Savage Worlds is a great choice, too. The base combat system runs a bit cinematic, but the core rules contain “gritty” combat options, and the magic system is eminently moddable. And yes, with a high enough Fighting skills (and an Edge or two), you can easily do a capable unarmored fighter.

  3. “In Phoenix on the Sword Thoth-Amon just scoops up a handful of blood, rubs it on his magic ring (more on that in a later post), and whispers foul words of power until a baboon-like shadowbeast appears to do his bidding.”

    Doesn’t that count as a magic item in rpg terms instead of a spell? :p

    Warhammer Fantasy Roleplay 1E
    1) Ratcatcher > Thief > Brigand Leader > Noble (might need to make Hyborian Age careers)
    2) Check.
    3) Check.
    4) Check after fate points are spent/player forgets to use them.
    5) Check. What’s more awesome than meeting evil witch that fumbles his spell and everyone(witch included) near him gets suck to vortex that appeared next to him. Also there are different kinds of magics (Alchemy, Demonology, Necromancy, Druidism, + normal arcane).

    2E is more balanced and less gonzo as far as I know.

    1. So if you’ve read Phoenix on the Sword you know that Thoth-Amon is the most feared Sorcerer in Stygia. However in this story he is enslaved by an Aquilonian noblemen. How does such a mortal enslave the greatest Sorcerer the world has known? Well Thoth-Amon lost his Magic Ring and, for the start of this story, is completely incapable of using any magic… until he finds his ring and summons a creature to do his bidding. Now as I very briefly mentioned in the post I was going to discuss spellcasting in a future post but I guess we can touch a couple quick topics.

      1) In your suggestion Hyborian Sorcerers actually have no powers at all and get their magic ONLY from magic items. This does not feel like Hyborian age magic. Besides how would a sorcerer actually make it to high enough level if he had to be overladen with magic items that he needs to adventure for which forces him to risk his life with little to no offensive of defensive abilities?
      2) Perhaps sorcerers in the Hyborian Age need a focus to cast their spells like a 3e Cleric needs a Holy Symbol. This sounds a little more plausible to me in terms of the Hyborian age. The scenario in question even suggests that Spellcasters might not have to ever memorize spells. As soon as Thoth-Amon finds his ring he summons a Demon.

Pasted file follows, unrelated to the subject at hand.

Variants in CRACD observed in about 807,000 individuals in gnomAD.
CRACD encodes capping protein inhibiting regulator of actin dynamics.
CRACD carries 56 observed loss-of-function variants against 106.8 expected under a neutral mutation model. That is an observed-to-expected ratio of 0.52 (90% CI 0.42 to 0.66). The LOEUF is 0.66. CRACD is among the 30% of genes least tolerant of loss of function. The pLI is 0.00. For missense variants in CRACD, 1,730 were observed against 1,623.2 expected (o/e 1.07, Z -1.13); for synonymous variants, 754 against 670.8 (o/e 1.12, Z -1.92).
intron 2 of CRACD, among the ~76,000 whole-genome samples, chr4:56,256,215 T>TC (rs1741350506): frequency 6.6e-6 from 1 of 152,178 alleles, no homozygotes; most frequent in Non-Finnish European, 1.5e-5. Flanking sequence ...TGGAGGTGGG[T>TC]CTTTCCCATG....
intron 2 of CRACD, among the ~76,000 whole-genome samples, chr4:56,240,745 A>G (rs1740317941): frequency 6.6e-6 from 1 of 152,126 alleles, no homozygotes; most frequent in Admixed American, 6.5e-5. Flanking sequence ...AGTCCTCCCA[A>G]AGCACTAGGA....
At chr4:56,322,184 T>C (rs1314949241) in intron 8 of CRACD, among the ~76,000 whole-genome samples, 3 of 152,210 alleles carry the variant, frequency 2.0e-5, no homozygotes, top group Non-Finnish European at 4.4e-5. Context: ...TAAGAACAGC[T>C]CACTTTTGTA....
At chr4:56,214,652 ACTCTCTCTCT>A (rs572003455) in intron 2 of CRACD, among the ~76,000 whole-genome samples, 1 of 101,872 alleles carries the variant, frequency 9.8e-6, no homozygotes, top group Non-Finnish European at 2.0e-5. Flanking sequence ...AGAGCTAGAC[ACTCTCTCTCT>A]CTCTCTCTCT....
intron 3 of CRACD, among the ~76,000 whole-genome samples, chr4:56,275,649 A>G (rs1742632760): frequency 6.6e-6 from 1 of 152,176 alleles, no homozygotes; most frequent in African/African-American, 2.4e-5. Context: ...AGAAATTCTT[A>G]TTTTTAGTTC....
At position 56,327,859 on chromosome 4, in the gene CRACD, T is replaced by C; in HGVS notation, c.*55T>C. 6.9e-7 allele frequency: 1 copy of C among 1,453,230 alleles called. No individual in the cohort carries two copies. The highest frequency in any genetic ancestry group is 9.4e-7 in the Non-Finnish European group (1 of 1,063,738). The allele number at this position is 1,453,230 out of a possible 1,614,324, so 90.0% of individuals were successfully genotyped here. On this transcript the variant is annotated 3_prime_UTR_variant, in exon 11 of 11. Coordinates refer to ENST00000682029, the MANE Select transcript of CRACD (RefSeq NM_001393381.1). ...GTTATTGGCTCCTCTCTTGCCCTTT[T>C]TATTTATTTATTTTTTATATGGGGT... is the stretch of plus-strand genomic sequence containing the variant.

I’ll also add Warhammer Fantasy Roleplay to my list of systems. Thanks for the suggestion.

      1. Good points. I’m not expert in REH stories, but imo Toth-Amon is a cleric in dnd spells even, if he’s called a sorcerer, because he need the magical ring to use his magic. But that’s only me and other spellcasters don’t necessarily need Holy Symbols/Implements.

        1) At least Toth was could kill fat nobles without magic, and in d20 Conan magic was pretty weak, so casters couldn’t rely on magic in everything.

        P.S. I still think that besides giving Toth his magic, the shadow beast summoning is tied to the ring and not the caster :p

        About WFRP if I remember correctly 2E had only one or two different kinds of magic in the core book and 1E’s (I’m only familiar with Hogshead) core book is more extensive in (almost?) everything.

        -Thanks for the reply and I’m looking foward to your next article.

      2. So you see Thoth-Amon as a Cleric? Very interesting. He does invoke the name of Set often. To be honest I never saw a traditional RPG Cleric as being part of the Hyborian Age. The way I see it the “gods” either don’t really exist (Crom, Babd, Morrigan, Macha, and Nemain) or are otherwordly evil entities that would sooner devour a worshiper than actually grant him any powers. I see sorcery as delving into knowledge we shouldn’t know.

        Very interesting thought on Thoth. I’ll add that to my future post about magic. Thanks.

      3. In Phoenix on the Sword Epemitreus the Sage, (Mitra’s chosen/champion in rpg terms) invoked divinity to enchant Conan’s ordinary sword, so even if divine magic is rare I think it happens in Hyborian Age. At least that’s how I see it :p

  4. In Part 3 of this series I explain that there are many systems that meet prerequisites I set forth in the first post. Unfortunately that exposed a couple hurdles I’d need to clear; I can’t afford to buy every system with hope that it works out and assuredly I’d have to modify something to get the feel I’m looking for. If only I could just mash together all the rules I like from every game I’d be happy.